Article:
Reviewing the 2016 Olympic Events
Published on August 24th, 2016
by Craig Leweck, Scuttlebutt
The 2016 Olympic Games are done and dusted. By the numbers, the Sailing events included 380 sailors from 66 nations racing 274 boats. Those boats competed in one of 10 events, a menu that highlighted some old and new equipment.
How the equipment got selected was a political process that sought to meet the needs of the sport while sucking up to the desires of the International Olympic Committee (IOC). It is debatable who won, but we already know that changes are being considered for the 2020 Olympics.
Where are we now? Here is how each event works from my jaded eyes.
Laser Men and Radial Women
These were the largest events, and for good reason. They are supplied equipment, so the sailors just show up and go. They are, on paper, the least technical events, allowing a lot of untechnical countries to compete. Lots of countries competing is a metric adored by the IOC. However, don’t let the simplicity of these boats fool you. They require decent sized people with strength of both body and mind, yet require finesse to master the subtle technique to sail well. For television they provide close, tactical racing. They are also immensely seaworthy, and were two of only five events that could go to ocean in Rio on windy days.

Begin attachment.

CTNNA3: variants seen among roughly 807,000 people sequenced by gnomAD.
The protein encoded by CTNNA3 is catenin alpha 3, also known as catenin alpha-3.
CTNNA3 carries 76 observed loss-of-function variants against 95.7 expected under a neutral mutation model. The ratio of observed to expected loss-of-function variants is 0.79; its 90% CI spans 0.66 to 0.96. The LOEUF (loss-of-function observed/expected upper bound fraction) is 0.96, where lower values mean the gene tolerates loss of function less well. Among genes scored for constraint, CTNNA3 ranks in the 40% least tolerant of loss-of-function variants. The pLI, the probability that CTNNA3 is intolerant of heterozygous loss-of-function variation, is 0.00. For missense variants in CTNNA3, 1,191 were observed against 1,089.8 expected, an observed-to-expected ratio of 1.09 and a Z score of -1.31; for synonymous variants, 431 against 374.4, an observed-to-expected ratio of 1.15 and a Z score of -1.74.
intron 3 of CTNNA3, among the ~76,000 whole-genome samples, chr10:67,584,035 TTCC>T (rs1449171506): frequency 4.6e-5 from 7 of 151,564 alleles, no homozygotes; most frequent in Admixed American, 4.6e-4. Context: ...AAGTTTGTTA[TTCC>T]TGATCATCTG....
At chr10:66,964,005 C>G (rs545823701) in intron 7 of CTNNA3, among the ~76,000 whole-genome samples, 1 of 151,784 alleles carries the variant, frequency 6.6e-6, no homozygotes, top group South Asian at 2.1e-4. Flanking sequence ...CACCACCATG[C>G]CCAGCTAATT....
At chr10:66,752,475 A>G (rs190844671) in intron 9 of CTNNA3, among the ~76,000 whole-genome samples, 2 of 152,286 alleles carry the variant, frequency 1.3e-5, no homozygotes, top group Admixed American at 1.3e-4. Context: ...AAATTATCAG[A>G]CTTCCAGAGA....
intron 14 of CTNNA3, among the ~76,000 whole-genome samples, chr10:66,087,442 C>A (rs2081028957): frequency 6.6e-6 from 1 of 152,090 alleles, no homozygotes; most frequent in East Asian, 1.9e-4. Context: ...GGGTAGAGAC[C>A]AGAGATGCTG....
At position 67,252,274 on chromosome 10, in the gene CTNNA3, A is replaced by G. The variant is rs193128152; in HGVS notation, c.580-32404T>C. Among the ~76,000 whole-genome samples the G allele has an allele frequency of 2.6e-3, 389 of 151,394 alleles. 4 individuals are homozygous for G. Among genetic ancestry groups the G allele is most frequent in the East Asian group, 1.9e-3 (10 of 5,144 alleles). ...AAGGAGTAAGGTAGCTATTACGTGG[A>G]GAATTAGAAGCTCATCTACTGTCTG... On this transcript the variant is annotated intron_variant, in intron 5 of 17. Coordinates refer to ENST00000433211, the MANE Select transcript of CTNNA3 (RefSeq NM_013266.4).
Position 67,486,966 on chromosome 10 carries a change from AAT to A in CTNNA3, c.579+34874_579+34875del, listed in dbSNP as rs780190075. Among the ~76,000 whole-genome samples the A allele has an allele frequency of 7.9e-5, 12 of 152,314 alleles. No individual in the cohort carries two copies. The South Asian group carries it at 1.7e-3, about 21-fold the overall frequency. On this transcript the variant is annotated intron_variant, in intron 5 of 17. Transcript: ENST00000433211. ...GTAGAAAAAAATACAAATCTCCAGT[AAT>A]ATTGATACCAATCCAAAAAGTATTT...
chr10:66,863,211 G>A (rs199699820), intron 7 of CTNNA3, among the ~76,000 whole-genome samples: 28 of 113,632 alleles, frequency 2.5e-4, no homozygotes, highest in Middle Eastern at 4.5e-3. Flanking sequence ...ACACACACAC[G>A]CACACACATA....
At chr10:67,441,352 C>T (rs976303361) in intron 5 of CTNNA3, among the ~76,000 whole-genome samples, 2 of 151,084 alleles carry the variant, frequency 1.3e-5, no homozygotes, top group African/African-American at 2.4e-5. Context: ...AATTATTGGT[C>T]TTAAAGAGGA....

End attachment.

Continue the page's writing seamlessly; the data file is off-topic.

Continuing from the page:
RS:X Men and Women
Trust me, we need windsurfing. I’d say we need more board sports. The IOC wants sailors to look like athletes, and if they can be beautiful, the RS:X checks that box too. These are long, lean, and attractive people. They are also chill. They are not yacht club people, they are beach people. Heck, these are the beach volleyball players of sailing. Beach volleyball was one of the few stadiums that was full in Rio, and if you could wrap grandstands around the RS:X course, it would have been full too. This is also an equipment supplied event, though the sailors were able to bring their own spars and fin. All did, using only the board and sails that were wrapped with Brazilian colors. Television likes colors.